Perhaps the last thing you’d suppose about The Tomorrow War — which begins streaming tomorrow on Amazon Prime Video — is that its title pulls triple duty beyond describing its premise. It most directly refers to the idea of yanking present-day people 30 years into the future to fight aliens that are about to end the world. But it also reflects unpredictably poignant and potent subtext about generational waves of war-driven PTSD, endlessly Sisyphean challenges of research science, and even the constant worry about whether you’re parenting the right way.

That’s a lot more personality than you’d presume from a film in which someone earnestly shouts “Somebody get a harpoon on that tentacle!” But such are the pleasant surprises of a story that offers a satisfyingly goopy threnody of computer-assisted action and leaves ample space for scientific collaboration, conversation and concentration alongside all that detonation.

Like Without Remorse before it, The Tomorrow War is another sturdy genre exercise punted to streaming in the wake of pandemic-shifted scheduling. It’s also a nice opportunity to see Chris Pratt do something a little more nuanced in blockbuster mode, pitched between his usual extremes of Square Jaw McGraw and Joke Man McCann.

Pratt plays Dan Forester, an Iraq combat veteran turned high-school science teacher. Dan is eager for a life-changing private-sector job but is regularly passed over for someone with more industry experience. He’s being comforted after his latest rejection by his wife, Emmy (Betty Gilpin) and daughter, Muri (Ryan Kiera Armstrong), when his and everyone’s world is rocked by time-traveling visitors from the 2050s.

They arrive with a dire message: In their time, humanity is on the verge of obliteration thanks to the sharp claws, chittering jaws and debilitating projectile shards of aliens called the White Spikes. (By now, you’ve seen every creature design under the sun. While the White Spikes are just sort of a Quiet Starship Cloverfield mash-up, they are at least legitimately terrifying.) There are no negotiations. No placations. “We are food,” the weary soldiers say, “and they are hungry.”

Because the future’s global population has dwindled to 500,000, the math is simple: They need more bodies to fight. So begins a global conscription to send people 30 years into the future for seven-day tours of service. If they’re clinically alive after that, they automatically slingshot back to their time. If they die, their families will get a pre-tax payment of $1 million. 

Zach Dean’s screenplay is filled with little adjectival-dagger descriptions like “clinical” and “pre-tax,” while depicting the time-jumping process, “held together by chewing gum and chicken wire,” with head-spinning panic and danger. Sometimes people simply drop to their doom when they hit the 2050s. Some of them come back with bloody-stump arms. He also organically generates ennui and malaise among the present-day people who wonder why they should care about today given what they know about the 10,950 days after tomorrow. And, for a surprising turn in the third act, Dean upholds the essential function of problem-solving research science … and laments that it’s often hamstrung in a lifelong race to outrun mankind’s self-annihilating inclinations.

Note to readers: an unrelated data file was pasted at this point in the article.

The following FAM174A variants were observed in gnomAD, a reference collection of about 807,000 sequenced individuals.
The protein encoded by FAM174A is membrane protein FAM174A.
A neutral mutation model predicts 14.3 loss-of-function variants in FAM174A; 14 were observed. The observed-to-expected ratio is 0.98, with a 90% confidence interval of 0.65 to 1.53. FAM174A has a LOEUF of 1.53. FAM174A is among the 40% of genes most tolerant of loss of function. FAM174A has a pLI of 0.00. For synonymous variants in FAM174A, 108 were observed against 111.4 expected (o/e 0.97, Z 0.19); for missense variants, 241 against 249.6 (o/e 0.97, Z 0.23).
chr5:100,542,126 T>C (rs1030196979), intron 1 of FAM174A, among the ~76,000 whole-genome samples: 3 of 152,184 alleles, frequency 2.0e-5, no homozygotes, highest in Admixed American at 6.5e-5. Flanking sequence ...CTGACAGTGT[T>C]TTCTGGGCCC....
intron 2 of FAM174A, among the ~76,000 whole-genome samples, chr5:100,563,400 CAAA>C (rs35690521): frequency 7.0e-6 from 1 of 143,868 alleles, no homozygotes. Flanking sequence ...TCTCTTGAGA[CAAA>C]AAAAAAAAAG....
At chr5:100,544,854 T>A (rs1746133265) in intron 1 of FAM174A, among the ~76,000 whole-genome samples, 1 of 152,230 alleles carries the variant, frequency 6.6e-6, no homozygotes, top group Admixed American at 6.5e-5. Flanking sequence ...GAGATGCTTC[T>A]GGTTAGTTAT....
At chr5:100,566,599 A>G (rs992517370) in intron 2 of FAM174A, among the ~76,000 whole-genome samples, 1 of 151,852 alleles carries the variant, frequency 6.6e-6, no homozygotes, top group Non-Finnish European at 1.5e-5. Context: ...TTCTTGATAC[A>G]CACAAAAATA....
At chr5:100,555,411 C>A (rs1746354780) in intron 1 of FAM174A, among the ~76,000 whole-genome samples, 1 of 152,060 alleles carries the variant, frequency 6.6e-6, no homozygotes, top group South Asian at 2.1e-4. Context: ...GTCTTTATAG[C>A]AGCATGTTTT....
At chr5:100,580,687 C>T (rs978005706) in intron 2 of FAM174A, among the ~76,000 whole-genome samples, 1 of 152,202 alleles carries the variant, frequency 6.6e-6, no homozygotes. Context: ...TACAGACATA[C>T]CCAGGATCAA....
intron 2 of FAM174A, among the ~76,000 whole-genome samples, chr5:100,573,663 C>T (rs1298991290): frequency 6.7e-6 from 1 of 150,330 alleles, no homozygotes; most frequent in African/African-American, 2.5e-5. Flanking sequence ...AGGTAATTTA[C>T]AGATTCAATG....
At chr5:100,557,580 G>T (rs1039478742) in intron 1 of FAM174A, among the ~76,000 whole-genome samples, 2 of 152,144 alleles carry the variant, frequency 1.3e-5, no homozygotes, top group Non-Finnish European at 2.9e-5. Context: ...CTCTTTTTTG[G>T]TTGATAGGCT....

Beyond that, let’s just say there are conditions beyond his combat experience that make Dan a favorable draft candidate. Let’s also just say that some golden-oldie time-travel paradoxes you know and love from popular fiction also pop up here. Finally, let’s also just say it’s nice to see bossman emeritus J.K. Simmon jacked up for a role that finally lets him flex those muscles.

There are many moving narrative parts across 139 minutes of The Tomorrow War, but director Chris McKay keeps things sure-footed from start to finish — even infusing a bit of the impish, seemingly improvisational energy of his animated hit The LEGO Batman Movie. As a skittish second-fiddle on Dan’s team, Sam Richardson transforms one moment of nervously uttered profanity into a sixteenth-note symphony, and it’s always a pleasure to see Mary Lynn Rajskub (Chloe from TV’s 24) turn up for some well-needed levity.

McKay has yanked the best pages from the Emmerich playbook, with just enough crib notes from Bay, Cameron and Nolan to balance his own comic sensibilities. It’s a tough mix of somber and snappy, but McKay makes it look easy — taking time to establish believable family bonds, bends and breaks and not simply resting on stereotypical characters (particularly with a hot-headed third-tour warrior named Dorian played by The Purge’s Edwin Hodge).

It also pops pro-forma questions of time travel in thoughtful ways. Given the story’s turns, the suspense becomes less about if Dan will survive but whether the fallout of what happens will swallow him whole at a later time. Does knowing how you’ll respond to failure make the failure any easier to avoid? Conversely, does knowing the path to realizing your potential make it any easier to follow? There’s a point at which Pratt has to come off as a visibly changed person given something he’s just seen, and through physical slumps and shifts, he pulls it off perfectly.

The Tomorrow War is the sort of project far enough into Pratt’s man-of-action career that lets him simultaneously poke fun at the pretense of it all and, frankly, play out one of his best roles. It’s also a fleet-footed, good-humored, big-hearted, science-minded and proudly goofy blockbuster with temporal twists and richer text than you expect. The only regret is that its bountiful, buoyant scope deserves a bigger screen.